Seriously – a few people have asked now, and you haven’t responded – what are your sources for this as an ancient practice? In general, I strongly agree that Judaism can be best understood (especially in terms of origins) by looking at in in its geographical context and cultural surroundings – you have no idea how many ‘Israelite’ customs were held in common/ enacted in opposition to/ adopted because of neighbourly/host culture customs. But these things need rigorous and scrupulous research, and vigilant citation; invented theories about the origins of things are all too easily used for the justification of just about anything and devalue the genuine investigation. so – your sources?

    For what it’s worth, as far as I am aware, the practice of hair-covering as a symbol of modesty is late-antique at the earliest, and really flourished in the medieval period (from whence the sheitel comes). I personally see little or no difference between the Islamic and UO practice of women’s head-covering, and believe that the two are probably anthropologically related. But when that started – is a different issue. So I am very curious about your sources.

  • Some people object to the sheitel as a valid hair covering because you often can’t tell if a woman is really wearing one. I understand that in communities like Adass, the women put a pillbox hat on top of a sheitel, so it’s clear that because the hat itself doesn’t cover all of their hair, the hair you see is a sheitel.

    This could also be the reason why many women prefer a tichel or snood and don’t wear a sheitel at all.

    It could also be as Malki and friend “decided”, i.e. that the sheitel isn’t in the spirit of tznius.

  • Malki Rose says:

    Akiva, I will respond to you in a bit, just finishing up with rather lengthy response to some earlier posts, so hang in there.

  • Malki Rose says:

    Ok, lots of answering to do.
    Firstly Simon, with regard to my first issue of the translation of the word ‘parua’.
    Regardless of any later uses in Syriac Aramaic or Arabic, there are three irrefutable instances whereby it has been clearly translated as ‘loose’ or ‘wild and long’.
    In the case of the Nazir the pasuk states ‘yiheye gadel PERA s’ar rosho’ – ‘And he shall let the hair of his had grow wild’.
    And earlier in Vayikra regarding the Leper , ‘V’rosho yehiyeh PARUA’ – ‘And his hair shall be loose’.

    If we are to assert that ‘Parua’ suddenly means ‘uncover’. Then to be consistent we are left with the notion that a Nazir, a Leper and even a mourner are supposed to ‘uncover’ their hair, rather than leave it grow wild, as has always been understood by the phrase.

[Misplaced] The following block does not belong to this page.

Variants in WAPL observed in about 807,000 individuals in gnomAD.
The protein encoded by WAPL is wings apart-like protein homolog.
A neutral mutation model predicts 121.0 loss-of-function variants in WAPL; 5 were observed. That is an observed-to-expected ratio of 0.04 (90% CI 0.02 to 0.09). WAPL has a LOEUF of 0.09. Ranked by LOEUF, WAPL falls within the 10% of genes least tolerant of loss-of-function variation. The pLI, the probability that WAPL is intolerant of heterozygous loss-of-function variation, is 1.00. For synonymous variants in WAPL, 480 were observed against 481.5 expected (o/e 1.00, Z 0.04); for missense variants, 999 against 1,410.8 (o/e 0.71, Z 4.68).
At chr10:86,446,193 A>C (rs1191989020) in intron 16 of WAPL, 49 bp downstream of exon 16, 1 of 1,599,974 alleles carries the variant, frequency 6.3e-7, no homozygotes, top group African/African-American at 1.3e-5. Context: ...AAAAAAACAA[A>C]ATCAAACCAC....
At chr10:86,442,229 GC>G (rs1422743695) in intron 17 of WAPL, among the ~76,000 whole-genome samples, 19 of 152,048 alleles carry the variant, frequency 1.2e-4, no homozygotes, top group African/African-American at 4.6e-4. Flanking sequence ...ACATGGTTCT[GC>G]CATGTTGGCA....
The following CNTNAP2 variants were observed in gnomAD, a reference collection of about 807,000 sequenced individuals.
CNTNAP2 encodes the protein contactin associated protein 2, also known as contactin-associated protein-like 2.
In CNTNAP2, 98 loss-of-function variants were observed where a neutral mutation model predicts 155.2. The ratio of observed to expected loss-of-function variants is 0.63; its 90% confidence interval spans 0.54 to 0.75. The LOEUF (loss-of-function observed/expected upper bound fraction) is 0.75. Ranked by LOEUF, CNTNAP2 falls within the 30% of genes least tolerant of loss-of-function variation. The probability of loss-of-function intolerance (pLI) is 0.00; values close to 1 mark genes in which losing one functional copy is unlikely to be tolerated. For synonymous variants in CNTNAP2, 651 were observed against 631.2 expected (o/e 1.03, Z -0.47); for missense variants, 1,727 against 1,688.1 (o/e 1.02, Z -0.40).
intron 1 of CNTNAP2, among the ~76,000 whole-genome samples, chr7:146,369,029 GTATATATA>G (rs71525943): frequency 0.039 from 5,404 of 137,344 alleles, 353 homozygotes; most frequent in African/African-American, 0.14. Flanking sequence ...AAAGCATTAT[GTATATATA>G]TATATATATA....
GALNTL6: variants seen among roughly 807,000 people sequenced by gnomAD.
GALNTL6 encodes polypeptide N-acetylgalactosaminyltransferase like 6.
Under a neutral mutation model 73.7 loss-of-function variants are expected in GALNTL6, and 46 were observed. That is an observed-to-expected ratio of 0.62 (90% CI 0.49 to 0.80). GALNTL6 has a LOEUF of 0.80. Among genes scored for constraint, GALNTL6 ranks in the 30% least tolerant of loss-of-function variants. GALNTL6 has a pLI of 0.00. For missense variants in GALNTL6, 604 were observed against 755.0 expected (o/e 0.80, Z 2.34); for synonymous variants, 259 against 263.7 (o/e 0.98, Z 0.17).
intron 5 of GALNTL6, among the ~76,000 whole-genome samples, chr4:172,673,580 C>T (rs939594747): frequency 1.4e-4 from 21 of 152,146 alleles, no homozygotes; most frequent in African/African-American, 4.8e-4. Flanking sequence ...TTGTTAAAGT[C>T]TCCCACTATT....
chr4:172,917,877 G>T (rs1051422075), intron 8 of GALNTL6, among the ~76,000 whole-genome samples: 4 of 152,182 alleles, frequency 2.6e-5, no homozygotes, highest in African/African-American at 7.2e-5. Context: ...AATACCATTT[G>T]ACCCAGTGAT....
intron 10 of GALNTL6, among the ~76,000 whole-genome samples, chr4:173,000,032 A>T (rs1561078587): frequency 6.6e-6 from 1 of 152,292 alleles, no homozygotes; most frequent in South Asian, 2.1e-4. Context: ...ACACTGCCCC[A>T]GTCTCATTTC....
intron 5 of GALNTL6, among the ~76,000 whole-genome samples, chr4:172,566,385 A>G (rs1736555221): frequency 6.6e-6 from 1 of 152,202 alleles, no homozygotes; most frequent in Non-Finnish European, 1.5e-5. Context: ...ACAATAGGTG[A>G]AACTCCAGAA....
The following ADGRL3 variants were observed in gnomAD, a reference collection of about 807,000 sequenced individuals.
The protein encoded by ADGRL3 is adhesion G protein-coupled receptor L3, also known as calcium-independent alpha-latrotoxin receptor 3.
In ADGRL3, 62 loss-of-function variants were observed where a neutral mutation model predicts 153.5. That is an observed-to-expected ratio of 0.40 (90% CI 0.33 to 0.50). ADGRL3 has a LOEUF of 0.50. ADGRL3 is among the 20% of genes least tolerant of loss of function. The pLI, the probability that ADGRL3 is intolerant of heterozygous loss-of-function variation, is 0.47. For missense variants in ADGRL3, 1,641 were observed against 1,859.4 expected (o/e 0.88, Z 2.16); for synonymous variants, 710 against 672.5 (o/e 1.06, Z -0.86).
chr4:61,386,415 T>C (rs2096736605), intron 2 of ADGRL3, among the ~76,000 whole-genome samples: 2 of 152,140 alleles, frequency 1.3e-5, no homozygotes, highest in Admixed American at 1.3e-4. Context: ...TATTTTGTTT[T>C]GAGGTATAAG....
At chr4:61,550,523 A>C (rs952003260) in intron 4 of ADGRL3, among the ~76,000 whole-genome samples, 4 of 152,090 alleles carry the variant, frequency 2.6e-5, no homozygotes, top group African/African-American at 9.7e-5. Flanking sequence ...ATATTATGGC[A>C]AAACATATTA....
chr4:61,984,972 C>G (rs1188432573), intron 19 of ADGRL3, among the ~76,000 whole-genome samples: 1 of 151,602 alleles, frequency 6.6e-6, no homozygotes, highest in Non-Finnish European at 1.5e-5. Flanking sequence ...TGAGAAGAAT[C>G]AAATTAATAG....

It is clear in all cultural references from Biblical times up until at least the Roman Empire (and even to an extent till this day, with having ones hair neat and tidy a sign of self-respect, class and properness), that a persons hair was loosened, grown wild
    or messed up as a strong symbol of degradation, disgrace or mourning. (This of course also explains why a Cohen Gadol was specifically instructed in the Torah NOT to grow wild his hair, obviously for these reasons and the fact that his stature was to be held in high esteem at all times.)

    We see this throughout the Tanach, even in the New Testament, (for those who like that sort of thing, check out Corinthians), in Bedouin culture, that of most tribal peoples, (which we initially were), and certainly this habit of keeping ones hair neat and tidy certainly has its place clearly in modern societal norms as well.

    Interestingly the Gemara enacts a law that precisely mirrors that of local Roman Law, that a woman was not permitted to show her hair in public and that a violation of such a law would be grounds for divorce.

    This is not dissimilar to the statutes of Shemot being verbatim the wording of the Hammurabi code, written in the time of Avraham Avinu, well before the Israelites (or Hyksos) left Egypt and even received the Torah.

    This of course goes back to Shira’s point about considering the validity of external cultures influence on the evolution of Jewish law and tradition.

    It may not necessarily be problematic.

    But it certainly seems pertinent to explore and consider it.